What Is Cellular Senescence?

Ankle osteoarthritis is a condition that causes pain and stiffness in the ankle joint. Traditional treatments like joint fusion can limit mobility. An alternative procedure called ankle distraction arthroplasty has been gaining some traction, but how well does it hold up in the long term? 

A recent study by Greenfield et al. (2019) investigated this very question. They conducted a survival analysis of ankle distraction arthroplasty for ankle osteoarthritis. Their findings suggest that this procedure may be a viable option for some patients. 

Key takeaways from the study: 

  • Ankle distraction arthroplasty showed promising results, with an 84% survival rate at 5 years. This is better than some previously reported outcomes. 
  • The study also identified factors that can influence the success of the procedure. Avascular necrosis of the talus (bone death) was associated with a lower survival rate. Additionally, sex may play a role, with the study suggesting potential gender differences in long-term outcomes. 

What this means for patients: 

Ankle distraction arthroplasty offers a potential option for preserving joint mobility in patients with ankle osteoarthritis. This study provides valuable data for surgeons and patients to consider when making treatment decisions.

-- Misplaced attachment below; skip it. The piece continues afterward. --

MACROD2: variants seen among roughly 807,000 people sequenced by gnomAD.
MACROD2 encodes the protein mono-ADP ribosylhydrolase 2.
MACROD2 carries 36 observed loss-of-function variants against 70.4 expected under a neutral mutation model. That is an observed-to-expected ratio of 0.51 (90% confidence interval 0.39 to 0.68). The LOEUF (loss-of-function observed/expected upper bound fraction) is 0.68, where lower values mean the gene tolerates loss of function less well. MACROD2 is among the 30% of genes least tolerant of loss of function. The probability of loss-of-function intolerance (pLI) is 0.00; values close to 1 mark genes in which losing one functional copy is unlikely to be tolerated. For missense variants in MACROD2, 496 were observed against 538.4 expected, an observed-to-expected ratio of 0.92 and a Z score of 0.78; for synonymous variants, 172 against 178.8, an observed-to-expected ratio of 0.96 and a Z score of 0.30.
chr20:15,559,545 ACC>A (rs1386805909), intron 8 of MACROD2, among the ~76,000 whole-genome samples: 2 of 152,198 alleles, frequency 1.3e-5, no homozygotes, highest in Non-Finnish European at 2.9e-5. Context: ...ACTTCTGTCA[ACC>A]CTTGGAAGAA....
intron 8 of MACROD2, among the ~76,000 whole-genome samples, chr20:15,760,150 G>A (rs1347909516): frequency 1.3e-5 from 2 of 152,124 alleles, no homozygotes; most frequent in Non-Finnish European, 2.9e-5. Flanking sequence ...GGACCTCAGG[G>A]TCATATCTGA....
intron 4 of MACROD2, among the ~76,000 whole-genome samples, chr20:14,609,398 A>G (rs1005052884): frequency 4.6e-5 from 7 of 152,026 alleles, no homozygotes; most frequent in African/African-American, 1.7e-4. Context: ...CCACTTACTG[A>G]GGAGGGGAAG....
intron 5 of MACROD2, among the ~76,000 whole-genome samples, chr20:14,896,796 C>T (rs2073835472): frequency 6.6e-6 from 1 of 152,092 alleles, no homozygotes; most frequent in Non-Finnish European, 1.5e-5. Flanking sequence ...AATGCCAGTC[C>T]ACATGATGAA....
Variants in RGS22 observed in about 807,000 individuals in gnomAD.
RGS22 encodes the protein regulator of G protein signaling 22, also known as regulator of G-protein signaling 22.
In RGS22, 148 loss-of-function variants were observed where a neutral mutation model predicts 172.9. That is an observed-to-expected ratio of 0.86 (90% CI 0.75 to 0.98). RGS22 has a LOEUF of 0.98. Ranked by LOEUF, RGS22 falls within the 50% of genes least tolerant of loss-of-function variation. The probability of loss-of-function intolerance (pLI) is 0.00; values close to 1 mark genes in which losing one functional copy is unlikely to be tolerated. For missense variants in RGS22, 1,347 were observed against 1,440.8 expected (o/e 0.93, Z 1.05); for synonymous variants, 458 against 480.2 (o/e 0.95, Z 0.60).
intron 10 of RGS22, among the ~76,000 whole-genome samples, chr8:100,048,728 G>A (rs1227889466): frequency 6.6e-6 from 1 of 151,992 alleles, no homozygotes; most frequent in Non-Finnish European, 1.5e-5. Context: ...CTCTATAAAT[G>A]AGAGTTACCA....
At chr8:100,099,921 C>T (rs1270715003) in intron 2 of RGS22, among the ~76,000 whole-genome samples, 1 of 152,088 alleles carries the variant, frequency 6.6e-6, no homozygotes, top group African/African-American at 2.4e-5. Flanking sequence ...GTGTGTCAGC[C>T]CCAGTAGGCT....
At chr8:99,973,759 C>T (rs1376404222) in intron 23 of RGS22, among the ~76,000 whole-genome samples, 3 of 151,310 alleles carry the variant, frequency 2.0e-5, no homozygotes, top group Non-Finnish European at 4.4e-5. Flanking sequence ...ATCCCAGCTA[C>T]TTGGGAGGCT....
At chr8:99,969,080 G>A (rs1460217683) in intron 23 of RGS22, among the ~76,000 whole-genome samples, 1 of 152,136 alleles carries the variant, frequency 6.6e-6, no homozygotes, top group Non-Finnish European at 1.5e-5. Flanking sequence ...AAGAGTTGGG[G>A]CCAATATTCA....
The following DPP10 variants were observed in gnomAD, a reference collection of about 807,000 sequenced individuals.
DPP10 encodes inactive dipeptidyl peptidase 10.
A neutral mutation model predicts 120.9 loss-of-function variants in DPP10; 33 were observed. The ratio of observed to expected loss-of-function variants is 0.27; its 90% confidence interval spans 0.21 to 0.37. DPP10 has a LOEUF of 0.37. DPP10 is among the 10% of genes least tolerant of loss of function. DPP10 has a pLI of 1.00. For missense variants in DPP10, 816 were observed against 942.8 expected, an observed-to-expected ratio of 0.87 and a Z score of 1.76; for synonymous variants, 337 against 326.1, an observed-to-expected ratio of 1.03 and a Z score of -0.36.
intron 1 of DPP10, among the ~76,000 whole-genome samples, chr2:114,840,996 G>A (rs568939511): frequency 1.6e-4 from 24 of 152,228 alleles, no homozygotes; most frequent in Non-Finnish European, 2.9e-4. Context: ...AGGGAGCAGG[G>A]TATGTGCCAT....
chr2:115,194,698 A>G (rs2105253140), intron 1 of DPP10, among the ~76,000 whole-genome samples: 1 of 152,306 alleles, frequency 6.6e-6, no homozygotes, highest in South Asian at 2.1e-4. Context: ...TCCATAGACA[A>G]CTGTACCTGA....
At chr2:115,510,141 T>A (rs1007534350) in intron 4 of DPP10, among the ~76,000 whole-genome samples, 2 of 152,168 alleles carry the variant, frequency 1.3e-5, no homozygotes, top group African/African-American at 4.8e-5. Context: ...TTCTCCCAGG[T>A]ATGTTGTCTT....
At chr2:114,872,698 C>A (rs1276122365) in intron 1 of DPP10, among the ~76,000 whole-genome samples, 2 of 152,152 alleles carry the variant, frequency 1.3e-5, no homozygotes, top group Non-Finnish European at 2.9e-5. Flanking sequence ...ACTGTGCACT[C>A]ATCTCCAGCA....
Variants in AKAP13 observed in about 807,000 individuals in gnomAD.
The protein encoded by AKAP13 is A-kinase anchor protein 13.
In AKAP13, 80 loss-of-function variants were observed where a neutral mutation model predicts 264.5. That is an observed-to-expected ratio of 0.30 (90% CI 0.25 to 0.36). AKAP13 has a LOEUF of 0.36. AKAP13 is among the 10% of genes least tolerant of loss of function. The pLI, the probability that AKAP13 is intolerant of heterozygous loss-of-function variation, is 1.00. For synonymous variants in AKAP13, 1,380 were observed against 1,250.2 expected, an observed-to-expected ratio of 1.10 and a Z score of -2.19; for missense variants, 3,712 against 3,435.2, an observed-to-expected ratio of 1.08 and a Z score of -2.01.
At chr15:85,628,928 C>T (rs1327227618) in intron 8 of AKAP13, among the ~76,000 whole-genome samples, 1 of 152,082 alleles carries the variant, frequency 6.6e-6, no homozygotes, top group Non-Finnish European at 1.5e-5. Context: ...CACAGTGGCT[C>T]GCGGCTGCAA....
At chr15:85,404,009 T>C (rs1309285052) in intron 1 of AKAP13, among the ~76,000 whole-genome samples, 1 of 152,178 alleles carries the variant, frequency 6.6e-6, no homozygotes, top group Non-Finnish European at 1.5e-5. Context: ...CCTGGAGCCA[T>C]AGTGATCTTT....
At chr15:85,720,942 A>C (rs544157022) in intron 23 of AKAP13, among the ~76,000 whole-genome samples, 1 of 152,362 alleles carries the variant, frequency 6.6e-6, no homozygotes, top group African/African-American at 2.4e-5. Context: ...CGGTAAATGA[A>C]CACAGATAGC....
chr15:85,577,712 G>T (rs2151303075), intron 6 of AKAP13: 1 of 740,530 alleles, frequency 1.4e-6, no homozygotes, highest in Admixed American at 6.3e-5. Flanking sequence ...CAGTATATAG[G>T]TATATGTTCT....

Important to note: 

  • This was a retrospective study, meaning researchers analyzed past data. More robust research designs are needed to confirm these findings. 
  • The study involved a relatively small group of patients. Larger studies are necessary to draw more definitive conclusions. 

Overall, this research suggests that ankle distraction arthroplasty may be a valuable tool for treating ankle osteoarthritis. However, more research is needed to solidify its place as a standard treatment option. 

ReferenceGreenfield, S., Matta, K. M., McCoy, T. H., Rozbruch, S. R., & Fragomen, A. (2019). Ankle distraction arthroplasty for ankle osteoarthritis: a survival analysis. Strategies in trauma and limb reconstruction, 14(2), 65. https://www.ncbi.nlm.nih.gov/pmc/articles/PMC7376580/#:~:text=In%20a%20significantly%20larger%20series,and%2037%25%20within%205%20years


This blog is for informational purposes only and should not be considered as medical advice. Always consult with a qualified healthcare professional to discuss your individual treatment options.

 Cellular Senescence
Image Credit: Lifespan.io

“Over the past two decades, extensive research all over the world has shown that laughter has a positive impact on various systems of the body. Most noteworthy is laughter’s ability to unwind the negative effects of stress: the catalyst for many of our health problems.” Madan Kataria

Article Authors: Gordon Slater| Tandose Sambo 

The cells in our bodies have life cycles that undergo varying stages. Cells are born, they mature, then are re-absorbed into the body once they’ve fulfilled their lifespans. During proliferation, there can be an inhibition of the cell growth cycle that results in a resistance to growth-promoting stimuli. When the root cause of disruption of the cellular growth cycle is influenced by DNA damage, the process is known as cellular senescence.